If Death Were a Spice

Is death a flavor, a spice to living? If it is a spice, it is one that comes with a sense of fear, chili perhaps. It is the spice that inspires us to do the things we want to do–before it is too late. Have the big art show. Write the novel. Sail around the world. Go to Burning Man.

I see the fear. I see the goal. Do not let the fear consume the goal. Do not let the fear consume.

If death is a spice, what does its bottle look like? Dark? Dusty, skull and bones? Or filled with light brighter than the eye can see. Angel of deliverance. Angel of deliverance. Suffering’s end.

Where do we go? My uncle died and visited my father. They talked for hours. “How are you here?” my father asked.

“I am everywhere,” my uncle replied.

He is now particles, dispersed–everything suspended in the dust that blows around the earth. Free from suffering. Free form existence.

Distracted, my eye wanders to the bubbles in the glass, levitating to their death. The short life of a bubble in a carbonated beverage.

Somewhere someone is allergic to wheat. Someone’s a gravedigger in a small town. Someone young has leukemia. Someone is dying, their particles beginning to disperse. Quickly, we must remember why we are here. Before it’s too late. Before we go somewhere, nowhere, anywhere.

I don’t mind talking about death–however, staying there may be too much for too long.

How do we keep death at bay? We sing. We dance. We create to combat its unmaking. We must make, make merry.

The star that won’t be dimmed.

What are we?

Part bone, part hair, part flesh, part soul, part laugh, part cry, part stone, part ocean, part mountain, part sky.




Take these thoughts and transform them into gold. Rumpelstiltskin them. Spin this grey day into silver. Gather weariness into a diaphanous strand of longing. Take these desires and spin a gossamer gown. From this dullness, weave a pair of wings. I’d like to wear a mask. I’d like to dance. I’d like to fly.

via Simplify


she wanted somewhere to hang her hat
he was not a coat rack
she wandered around aimlessly
a thread loose here, a thread loose there
she was a voice, listening
knowing of a certain luminosity–
and the time it takes to get there
looking now and then behind the curtain
a thread loose here, a thread loose there
gathering leaves and flowers to make an offering–

via Bewildered


to be honest, truthful, natural
to be caught off guard, but also not caught
these are the better photos, before fear sets in
what does the camera do with your soul?
no one knows
a little piece removed– a section of self caught in amber
a fly, a memory locked, impervious to distortions of time
the trembling waters still–
an image remains
siring nostalgia

via Daily Prompt: Candid

If You’re New to Watercolor…


This is for anyone who is new to watercolor painting. You may feel as though there is a struggle when you expected it to be an enjoyable experience. The feeling that you are being challenged is completely normal and it can happen even when you are very experienced working with any medium.

My advice to you would be to try and embrace the challenge that is working with a new medium. Just like any new skill, you need to give yourself time to practice, make mistakes, and learn. Try to focus on your successes rather than your shortcomings.

A good place to start appreciating your progress is to focus on experimentation. You can give yourself credit for trying new things like mixing new colors, patterns, textures, and playing with color saturation or dilution (how much water you are using with your pigment). You are experiencing the process of painting, let the beauty of the colors inspire you. If you are painting from life, give yourself freedom to exaggerate colors and shapes. Have some fun! Crank up the tunes to blast out that internal critic. Use your favorite colors.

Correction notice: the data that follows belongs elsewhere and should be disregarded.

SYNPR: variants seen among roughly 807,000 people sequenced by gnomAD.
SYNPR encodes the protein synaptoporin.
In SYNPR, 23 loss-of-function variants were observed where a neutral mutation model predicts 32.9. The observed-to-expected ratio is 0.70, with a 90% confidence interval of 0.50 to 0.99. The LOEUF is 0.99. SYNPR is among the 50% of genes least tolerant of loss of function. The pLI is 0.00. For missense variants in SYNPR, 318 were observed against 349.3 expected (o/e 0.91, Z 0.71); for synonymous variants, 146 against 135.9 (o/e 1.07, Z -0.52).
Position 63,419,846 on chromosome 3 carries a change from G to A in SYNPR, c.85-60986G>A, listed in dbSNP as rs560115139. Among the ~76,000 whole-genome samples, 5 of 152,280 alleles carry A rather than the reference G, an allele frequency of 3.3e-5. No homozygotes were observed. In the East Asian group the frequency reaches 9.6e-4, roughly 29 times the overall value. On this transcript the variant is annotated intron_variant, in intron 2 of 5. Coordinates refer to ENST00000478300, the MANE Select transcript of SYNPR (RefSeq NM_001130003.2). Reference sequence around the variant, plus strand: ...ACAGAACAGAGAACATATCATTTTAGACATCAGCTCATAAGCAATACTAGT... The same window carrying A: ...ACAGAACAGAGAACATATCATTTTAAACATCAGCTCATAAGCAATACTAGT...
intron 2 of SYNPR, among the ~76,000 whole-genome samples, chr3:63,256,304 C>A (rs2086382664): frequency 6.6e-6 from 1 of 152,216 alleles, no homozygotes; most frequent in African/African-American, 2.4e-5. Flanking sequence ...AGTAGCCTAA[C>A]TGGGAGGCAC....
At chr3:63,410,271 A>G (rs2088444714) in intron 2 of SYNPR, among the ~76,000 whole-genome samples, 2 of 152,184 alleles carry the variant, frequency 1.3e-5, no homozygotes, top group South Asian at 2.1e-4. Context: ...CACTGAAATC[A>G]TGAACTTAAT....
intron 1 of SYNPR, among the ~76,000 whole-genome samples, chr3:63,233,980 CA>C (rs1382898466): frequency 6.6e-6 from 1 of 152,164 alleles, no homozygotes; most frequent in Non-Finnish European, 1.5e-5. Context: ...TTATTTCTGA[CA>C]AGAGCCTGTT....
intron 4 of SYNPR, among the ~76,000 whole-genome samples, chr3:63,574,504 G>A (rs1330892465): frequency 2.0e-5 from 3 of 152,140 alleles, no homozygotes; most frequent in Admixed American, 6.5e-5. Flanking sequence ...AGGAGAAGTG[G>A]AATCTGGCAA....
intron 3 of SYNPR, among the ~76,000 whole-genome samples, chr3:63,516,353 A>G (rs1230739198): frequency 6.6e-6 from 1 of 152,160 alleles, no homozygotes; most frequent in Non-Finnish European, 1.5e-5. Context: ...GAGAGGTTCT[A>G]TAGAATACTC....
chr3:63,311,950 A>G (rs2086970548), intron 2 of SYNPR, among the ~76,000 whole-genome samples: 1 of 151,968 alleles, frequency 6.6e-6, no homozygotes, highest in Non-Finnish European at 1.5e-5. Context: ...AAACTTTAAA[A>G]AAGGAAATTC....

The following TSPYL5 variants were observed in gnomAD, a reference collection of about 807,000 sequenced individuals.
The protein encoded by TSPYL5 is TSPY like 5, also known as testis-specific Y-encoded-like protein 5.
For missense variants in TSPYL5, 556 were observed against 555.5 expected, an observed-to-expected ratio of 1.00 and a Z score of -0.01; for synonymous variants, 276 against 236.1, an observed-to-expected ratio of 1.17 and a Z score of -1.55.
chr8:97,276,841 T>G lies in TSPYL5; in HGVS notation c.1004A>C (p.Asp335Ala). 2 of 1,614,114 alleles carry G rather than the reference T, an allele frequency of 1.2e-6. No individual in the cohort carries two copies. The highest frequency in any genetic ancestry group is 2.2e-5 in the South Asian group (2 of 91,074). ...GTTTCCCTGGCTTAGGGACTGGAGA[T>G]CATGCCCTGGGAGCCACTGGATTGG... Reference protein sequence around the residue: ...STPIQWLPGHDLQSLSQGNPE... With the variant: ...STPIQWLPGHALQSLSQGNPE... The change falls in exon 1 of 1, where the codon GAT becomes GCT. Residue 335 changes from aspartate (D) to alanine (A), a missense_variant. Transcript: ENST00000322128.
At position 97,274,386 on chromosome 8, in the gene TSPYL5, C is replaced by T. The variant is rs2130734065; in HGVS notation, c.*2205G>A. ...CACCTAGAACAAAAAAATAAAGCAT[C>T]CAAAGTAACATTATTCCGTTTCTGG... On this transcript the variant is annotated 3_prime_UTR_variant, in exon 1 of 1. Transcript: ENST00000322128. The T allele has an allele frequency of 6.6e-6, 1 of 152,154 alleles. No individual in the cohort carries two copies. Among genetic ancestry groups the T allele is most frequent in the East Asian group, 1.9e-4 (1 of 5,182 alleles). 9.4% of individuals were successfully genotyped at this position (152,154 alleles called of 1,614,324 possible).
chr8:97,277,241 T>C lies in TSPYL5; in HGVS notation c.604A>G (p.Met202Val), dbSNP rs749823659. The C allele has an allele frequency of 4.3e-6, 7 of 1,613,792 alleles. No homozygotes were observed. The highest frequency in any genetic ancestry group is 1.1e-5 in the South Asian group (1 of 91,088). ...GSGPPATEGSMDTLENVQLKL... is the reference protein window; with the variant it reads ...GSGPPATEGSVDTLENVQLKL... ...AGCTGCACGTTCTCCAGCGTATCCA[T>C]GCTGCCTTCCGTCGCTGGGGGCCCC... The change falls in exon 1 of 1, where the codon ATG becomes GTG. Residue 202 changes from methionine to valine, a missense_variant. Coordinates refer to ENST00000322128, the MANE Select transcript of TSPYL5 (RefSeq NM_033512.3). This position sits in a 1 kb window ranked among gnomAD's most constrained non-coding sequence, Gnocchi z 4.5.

Try to avoid comparing yourself to individuals who have been painting for longer than you have. Remember that it is a skill that takes practice. When you become frustrated, remember to take a break and lay your paints to the side. It is helpful when using watercolor to let layers of paint dry so that you can achieve a greater variety of darks and textures.

Give yourself a pat on the back, and keep practicing. Painting is more about the journey than the destination.  People appreciating a work of art may think painting is about the final product. To the painter, it may be about the challenges of creating the illusion of depth, the intangibility of  light, and the joy of working with color. The process of painting is a wonderful thing to experience.

From Refuse to Reverence


There are certain materials which have always appealed to me, and thankfully, some of them are upcycled or recycled. One of my very favorites is cardboard. Ever since the days when I would help my mom make theater sets out of cardboard, I have been fascinated with its texture and construction capabilities. It is stiff and needs to be cut in the exact shape you wish it to have, but at the same time it can be broken down into a more flexible and paper-like substance. It is likely that my fascination with cardboard comes from my fascination with paper, and is somehow connect to wood, which is ever so tentatively connected to my love of plants and growing things.

Is it possible that I love one thing and all other interests stem from that one fascination? The natural world is a most fascinating place for me. It is amazing to see a seed create a plant and that plant, in turn, create a fruit which can be consumed. If my materials can imitate any event in the natural world, I am grateful. As I sand the wood, the grain becomes apparent. As I work with a piece of cardboard, it becomes softer and more organic, but still has a memory of its life as a box. This memory creates an unpredictability when I work with it, an unexpected lack of motion that I collaborate with.